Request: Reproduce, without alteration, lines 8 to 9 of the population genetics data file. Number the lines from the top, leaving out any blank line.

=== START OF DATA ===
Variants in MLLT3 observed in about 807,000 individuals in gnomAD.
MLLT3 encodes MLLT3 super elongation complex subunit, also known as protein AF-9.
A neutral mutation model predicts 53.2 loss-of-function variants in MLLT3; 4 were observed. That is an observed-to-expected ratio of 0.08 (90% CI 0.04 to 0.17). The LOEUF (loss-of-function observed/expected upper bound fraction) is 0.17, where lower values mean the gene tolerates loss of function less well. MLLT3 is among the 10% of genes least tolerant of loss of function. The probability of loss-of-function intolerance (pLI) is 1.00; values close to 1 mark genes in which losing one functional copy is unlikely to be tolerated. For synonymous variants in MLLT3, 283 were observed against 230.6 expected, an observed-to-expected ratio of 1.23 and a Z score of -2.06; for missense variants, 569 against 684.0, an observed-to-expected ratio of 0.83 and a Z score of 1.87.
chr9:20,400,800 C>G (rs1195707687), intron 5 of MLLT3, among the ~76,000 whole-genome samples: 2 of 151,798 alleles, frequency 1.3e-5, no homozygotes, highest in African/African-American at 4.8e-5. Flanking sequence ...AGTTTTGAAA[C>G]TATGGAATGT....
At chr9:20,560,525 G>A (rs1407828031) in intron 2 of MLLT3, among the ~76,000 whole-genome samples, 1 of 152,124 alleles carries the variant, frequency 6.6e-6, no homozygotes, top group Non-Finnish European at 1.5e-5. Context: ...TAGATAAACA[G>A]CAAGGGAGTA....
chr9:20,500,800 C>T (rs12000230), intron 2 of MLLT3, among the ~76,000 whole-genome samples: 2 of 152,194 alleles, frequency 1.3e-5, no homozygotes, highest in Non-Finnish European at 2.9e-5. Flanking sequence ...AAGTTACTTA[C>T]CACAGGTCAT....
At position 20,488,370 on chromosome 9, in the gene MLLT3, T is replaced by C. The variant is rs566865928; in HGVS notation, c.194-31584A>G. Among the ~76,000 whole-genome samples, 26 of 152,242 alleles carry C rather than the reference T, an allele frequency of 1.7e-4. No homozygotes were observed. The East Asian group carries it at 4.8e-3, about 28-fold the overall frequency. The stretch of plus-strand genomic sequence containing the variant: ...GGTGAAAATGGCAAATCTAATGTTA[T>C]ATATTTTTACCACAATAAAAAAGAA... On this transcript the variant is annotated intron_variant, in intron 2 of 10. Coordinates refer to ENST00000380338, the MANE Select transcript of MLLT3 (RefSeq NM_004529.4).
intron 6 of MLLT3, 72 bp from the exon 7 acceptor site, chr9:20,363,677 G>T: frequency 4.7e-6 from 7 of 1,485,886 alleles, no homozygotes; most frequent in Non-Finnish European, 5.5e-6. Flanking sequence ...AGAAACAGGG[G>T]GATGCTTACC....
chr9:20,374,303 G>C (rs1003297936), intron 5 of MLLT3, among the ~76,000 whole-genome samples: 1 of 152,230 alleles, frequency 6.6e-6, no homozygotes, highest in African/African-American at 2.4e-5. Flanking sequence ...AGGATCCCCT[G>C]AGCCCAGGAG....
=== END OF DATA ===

intron 6 of MLLT3, 72 bp from the exon 7 acceptor site, chr9:20,363,677 G>T: frequency 4.7e-6 from 7 of 1,485,886 alleles, no homozygotes; most frequent in Non-Finnish European, 5.5e-6. Flanking sequence ...AGAAACAGGG[G>T]GATGCTTACC....
chr9:20,374,303 G>C (rs1003297936), intron 5 of MLLT3, among the ~76,000 whole-genome samples: 1 of 152,230 alleles, frequency 6.6e-6, no homozygotes, highest in African/African-American at 2.4e-5. Flanking sequence ...AGGATCCCCT[G>C]AGCCCAGGAG....